Of course, I thought, how classic that an international crisis would rally the efforts of so many, but the close-to-home caregivers who don’t make the headlines are left struggling.  This was a moment of “think global, act local.”  A global need brought a workable solution to my attention, but now it was time to turn that attention to the region where I live.  Wildlife suffers in Wisconsin’s Northwoods as well.  Now, where to turn?

I reached out to naturalist Emily Stone from the Cable Natural History Museum.  Immediately, she pointed me to the Northwoods Wildlife Center in Minoqua, Wisconsin and the Wildlife Rehabilitation Center of Minnesota in Roseville.  I picked up the phone and started calling, explaining this project, what I was making, and the suggestion to reach out to local center to see if they would have need for these items.  Both were quite interested in the nests.  Not that they need them immediately because we’re in wintertime, but certainly they would be helpful by spring.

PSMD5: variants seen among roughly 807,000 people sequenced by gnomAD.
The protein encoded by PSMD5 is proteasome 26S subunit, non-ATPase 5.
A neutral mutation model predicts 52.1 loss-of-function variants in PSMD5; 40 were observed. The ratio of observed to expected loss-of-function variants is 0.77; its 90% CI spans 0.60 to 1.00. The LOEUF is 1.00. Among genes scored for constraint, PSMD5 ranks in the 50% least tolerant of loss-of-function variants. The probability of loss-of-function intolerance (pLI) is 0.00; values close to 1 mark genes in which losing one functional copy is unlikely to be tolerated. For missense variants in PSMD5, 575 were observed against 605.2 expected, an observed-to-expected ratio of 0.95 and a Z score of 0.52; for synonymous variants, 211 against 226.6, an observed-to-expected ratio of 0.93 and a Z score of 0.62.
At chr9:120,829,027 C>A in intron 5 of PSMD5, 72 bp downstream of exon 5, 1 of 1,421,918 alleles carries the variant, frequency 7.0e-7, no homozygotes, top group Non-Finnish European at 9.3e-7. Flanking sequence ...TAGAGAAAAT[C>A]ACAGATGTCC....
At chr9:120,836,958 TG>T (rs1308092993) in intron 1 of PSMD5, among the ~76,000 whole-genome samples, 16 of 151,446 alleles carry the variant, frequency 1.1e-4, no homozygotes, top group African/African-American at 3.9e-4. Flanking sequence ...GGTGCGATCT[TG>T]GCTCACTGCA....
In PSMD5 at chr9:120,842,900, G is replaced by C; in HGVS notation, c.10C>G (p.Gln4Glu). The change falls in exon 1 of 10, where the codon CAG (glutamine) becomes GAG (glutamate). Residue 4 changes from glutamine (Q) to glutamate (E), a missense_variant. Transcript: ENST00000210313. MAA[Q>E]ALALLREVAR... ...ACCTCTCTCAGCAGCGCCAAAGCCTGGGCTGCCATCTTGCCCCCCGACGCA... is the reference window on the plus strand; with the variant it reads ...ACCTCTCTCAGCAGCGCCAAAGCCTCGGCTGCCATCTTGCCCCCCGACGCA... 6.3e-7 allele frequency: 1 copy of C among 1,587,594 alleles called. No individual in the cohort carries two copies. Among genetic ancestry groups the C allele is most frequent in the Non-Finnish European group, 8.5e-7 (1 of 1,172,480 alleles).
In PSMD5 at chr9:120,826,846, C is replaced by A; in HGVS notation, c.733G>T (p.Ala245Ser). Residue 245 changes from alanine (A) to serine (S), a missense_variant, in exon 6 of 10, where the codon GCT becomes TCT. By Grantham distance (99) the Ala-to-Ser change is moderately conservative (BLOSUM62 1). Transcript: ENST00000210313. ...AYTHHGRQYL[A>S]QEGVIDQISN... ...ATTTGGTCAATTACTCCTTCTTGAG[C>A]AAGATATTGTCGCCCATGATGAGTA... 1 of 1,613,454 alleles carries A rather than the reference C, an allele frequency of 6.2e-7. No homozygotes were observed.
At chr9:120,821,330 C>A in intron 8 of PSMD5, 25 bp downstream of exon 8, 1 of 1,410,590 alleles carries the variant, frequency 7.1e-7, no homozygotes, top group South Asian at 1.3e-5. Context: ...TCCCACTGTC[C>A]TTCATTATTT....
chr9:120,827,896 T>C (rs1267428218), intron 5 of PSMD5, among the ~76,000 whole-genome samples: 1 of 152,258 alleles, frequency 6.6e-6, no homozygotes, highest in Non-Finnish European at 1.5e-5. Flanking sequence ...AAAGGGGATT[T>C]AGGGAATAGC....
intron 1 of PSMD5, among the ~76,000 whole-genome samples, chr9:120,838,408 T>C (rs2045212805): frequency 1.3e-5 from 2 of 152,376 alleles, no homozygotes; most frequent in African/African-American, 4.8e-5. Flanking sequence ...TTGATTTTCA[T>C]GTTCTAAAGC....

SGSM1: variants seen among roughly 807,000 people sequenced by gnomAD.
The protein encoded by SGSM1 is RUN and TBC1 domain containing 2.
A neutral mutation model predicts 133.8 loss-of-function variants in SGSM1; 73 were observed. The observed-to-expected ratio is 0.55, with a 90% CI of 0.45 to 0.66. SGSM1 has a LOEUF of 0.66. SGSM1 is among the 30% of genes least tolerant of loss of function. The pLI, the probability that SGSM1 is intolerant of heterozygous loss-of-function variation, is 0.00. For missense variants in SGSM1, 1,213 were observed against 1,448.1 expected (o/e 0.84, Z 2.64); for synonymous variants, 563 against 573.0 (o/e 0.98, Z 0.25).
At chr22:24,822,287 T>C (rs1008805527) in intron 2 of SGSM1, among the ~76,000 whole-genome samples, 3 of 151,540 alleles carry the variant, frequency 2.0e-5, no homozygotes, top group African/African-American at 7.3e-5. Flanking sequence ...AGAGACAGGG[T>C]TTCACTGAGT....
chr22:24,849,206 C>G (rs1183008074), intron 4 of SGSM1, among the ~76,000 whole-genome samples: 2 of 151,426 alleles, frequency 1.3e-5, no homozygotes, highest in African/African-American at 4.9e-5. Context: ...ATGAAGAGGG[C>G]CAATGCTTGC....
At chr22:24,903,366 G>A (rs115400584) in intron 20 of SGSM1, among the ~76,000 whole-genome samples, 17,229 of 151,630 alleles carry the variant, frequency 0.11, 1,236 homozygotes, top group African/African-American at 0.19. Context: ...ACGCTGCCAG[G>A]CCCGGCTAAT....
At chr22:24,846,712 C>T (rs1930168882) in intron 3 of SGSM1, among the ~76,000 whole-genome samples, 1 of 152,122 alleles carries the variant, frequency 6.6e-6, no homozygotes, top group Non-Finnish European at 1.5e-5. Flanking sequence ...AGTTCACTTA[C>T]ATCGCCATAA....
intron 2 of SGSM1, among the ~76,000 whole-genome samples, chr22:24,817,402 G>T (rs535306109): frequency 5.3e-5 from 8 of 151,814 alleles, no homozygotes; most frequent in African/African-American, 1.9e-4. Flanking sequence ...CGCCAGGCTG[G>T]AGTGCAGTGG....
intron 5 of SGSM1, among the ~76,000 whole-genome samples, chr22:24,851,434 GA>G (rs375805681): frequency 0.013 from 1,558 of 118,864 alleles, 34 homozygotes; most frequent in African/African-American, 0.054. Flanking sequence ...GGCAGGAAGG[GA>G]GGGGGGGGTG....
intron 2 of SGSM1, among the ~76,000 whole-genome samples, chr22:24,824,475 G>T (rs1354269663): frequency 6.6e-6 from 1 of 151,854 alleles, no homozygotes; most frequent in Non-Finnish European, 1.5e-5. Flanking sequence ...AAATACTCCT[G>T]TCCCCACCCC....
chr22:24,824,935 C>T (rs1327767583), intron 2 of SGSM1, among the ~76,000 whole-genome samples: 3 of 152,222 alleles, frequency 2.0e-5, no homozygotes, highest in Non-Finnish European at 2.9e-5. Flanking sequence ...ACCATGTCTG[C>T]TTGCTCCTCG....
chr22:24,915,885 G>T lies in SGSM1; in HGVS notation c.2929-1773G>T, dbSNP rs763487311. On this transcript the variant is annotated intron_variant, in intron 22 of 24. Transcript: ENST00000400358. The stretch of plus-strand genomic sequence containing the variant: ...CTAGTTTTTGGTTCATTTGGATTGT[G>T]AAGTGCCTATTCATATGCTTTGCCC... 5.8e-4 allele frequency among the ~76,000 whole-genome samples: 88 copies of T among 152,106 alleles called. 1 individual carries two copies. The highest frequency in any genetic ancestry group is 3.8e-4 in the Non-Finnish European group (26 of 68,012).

“That would be perfect for our songbird nursery,” the receptionist at the Minnesota Center agreed.  “We’d take 30 to start with, and if those work out great and we need more, we’ll be in touch for a second batch.”

stacked nestsSo now I have a goal:  60 nests by spring.  And I also have a place to send them:  two locations which could have been easily overlooked for receiving these donations.  As a fiber artist, it feels good to use these handcraft skills to make something that gives back to the community.  And as a bird lover, it seems especially apt.  I treasure the songbirds of the Northwoods, and I yearn to ease suffering when I can.

And you can too, if this story makes you feel motivated to join the rescue crafters movement.  Below are inks to the pattern for the nests, contact info for the rehabilitation centers, notes on best yarn choices, and ways to connect with the rescue crafters network.  You can make nests too!  Or, if you don’t have time but have a yarn stash you would like to donate towards making nests, that’s a great way to engage too.

Pattern Crocheted Nests (my rewrite)